AMR Corp., the parent company of American Airlines and American Eagle, could eliminate up to 6,800 jobs this year as it downsizes its fall schedule, executives said.
The Fort Worth-based company also said in a filing with the Securities and Exchange Commission Wednesday that it would record a one-time non-cash charge of up to $1.2 billion during the second quarter to write down the cost of some airplanes, and take a $70 million charge on costs related to employee reductions.
The airline alerted union officials that up to 900 flight attendant jobs could be slashed at the end of August. Airline officials are still calculating the impact on pilots and ground workers. The company said last week that about 8 percent of management and support staff positions will also be cut.
The carrier, which is the largest employer in North Texas, is struggling with record fuel prices and a slowing economy. Fuel costs alone are expected to cost the airline billions in extra expenses this year.
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“We regret these reductions are necessary,” said Jeff Brundage, the airline’s senior vice president of human resources, in a memo to employees. “It’s crucial that we take the appropriate actions to operate a strong and competitive airline for both our employees and customers.”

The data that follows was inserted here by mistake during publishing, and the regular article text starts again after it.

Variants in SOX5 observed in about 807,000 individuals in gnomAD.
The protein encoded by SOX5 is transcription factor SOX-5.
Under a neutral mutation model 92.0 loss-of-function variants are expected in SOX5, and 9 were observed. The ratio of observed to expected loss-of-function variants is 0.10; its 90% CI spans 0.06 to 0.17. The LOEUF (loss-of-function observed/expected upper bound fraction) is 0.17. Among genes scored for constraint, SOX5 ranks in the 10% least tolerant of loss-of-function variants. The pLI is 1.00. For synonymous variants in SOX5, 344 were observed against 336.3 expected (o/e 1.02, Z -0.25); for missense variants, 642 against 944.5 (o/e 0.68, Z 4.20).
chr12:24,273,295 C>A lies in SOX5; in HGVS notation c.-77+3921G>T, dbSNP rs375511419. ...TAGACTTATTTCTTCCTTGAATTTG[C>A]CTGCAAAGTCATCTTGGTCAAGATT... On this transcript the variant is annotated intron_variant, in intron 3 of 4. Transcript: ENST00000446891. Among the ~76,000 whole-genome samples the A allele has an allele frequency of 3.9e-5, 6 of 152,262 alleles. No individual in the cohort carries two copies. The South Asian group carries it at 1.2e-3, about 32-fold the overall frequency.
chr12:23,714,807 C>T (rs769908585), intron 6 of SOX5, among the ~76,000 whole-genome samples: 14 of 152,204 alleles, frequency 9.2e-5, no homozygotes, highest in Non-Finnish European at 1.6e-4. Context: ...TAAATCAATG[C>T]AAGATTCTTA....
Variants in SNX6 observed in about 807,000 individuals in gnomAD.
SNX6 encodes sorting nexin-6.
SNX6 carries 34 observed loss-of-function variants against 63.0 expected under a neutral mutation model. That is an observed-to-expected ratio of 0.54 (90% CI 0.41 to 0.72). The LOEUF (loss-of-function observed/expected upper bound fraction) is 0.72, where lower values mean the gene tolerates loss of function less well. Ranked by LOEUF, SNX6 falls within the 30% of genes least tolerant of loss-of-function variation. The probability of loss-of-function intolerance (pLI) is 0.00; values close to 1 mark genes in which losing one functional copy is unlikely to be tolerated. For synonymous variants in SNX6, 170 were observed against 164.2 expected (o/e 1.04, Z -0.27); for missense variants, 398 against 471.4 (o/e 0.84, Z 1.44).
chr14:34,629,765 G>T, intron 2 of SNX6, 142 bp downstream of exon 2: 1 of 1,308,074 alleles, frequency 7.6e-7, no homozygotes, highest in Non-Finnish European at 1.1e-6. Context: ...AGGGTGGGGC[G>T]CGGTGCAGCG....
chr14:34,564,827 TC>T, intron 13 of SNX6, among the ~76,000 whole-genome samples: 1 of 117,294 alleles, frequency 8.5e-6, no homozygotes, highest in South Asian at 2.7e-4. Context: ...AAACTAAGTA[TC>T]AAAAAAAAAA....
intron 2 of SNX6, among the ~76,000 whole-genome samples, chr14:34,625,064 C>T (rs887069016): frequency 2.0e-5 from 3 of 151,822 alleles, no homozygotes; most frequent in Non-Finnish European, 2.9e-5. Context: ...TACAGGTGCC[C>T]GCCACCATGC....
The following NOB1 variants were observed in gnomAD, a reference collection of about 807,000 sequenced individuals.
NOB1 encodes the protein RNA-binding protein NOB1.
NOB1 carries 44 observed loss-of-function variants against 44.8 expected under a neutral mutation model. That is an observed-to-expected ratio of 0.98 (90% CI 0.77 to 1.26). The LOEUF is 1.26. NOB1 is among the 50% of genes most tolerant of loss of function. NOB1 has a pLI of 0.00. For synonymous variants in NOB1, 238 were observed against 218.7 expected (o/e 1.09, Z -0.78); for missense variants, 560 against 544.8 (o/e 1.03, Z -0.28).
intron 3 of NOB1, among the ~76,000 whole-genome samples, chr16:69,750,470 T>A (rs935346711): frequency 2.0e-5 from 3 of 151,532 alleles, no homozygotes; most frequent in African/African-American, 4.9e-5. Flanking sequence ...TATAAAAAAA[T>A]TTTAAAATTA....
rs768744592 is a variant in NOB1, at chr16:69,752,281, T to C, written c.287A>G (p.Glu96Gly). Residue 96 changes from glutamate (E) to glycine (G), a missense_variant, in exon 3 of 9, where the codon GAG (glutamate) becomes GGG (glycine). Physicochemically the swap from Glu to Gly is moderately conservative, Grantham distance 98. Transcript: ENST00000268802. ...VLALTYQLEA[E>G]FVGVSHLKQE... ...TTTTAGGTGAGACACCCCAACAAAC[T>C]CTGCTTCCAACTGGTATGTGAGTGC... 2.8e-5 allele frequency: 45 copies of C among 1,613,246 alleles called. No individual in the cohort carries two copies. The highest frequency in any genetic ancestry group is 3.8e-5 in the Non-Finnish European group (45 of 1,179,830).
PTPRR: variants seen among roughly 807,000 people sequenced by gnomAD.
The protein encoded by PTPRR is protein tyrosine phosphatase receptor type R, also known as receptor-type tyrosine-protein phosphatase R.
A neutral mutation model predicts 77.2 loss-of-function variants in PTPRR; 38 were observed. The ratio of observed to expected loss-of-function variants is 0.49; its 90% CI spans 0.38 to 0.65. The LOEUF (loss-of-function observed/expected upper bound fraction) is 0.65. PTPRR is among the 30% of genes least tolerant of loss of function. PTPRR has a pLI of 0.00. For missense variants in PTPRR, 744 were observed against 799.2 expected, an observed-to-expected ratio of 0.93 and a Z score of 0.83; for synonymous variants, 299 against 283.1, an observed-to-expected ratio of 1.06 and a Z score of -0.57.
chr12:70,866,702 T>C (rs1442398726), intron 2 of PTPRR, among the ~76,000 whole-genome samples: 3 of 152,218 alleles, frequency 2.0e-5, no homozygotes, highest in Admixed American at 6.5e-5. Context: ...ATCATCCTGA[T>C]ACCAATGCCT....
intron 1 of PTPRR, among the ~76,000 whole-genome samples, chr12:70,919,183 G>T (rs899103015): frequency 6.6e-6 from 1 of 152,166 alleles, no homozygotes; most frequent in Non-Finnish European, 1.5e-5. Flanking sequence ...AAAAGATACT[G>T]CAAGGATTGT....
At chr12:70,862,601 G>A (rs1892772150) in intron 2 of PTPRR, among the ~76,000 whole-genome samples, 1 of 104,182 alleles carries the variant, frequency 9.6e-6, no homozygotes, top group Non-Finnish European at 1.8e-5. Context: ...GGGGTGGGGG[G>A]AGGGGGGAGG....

American will reduce its overall passenger capacity by about 8 percent in November, including Eagle flights, and will park more than 80 airplanes. Brundage said that employee reductions will match the capacity cuts, reducing jobs by about 8 percent.
That would mean eliminating about 6,800 positions out of the airline’s 85,000 full-time equivalents.
Not all of those would be layoffs. The airline is offering an early retirement package to flight attendants and ground workers, as well as options for voluntary leaves of absense that could reduce furloughs.
Flight attendants over age 50, who have at least 15 years of seniority, can opt for an early retirement plan that includes a $15,000 severance payment and some medical and travel benefits. The airline is also offering a program that would allow two attendants to share one job, sharing the flying time.
In its filing with the SEC, AMR said the non-cash charge would be between $1.1 billion and $1.2 billion. It will be needed to write down the value of its MD-80 narrowbody planes and its Embraer RJ-135 regional jets.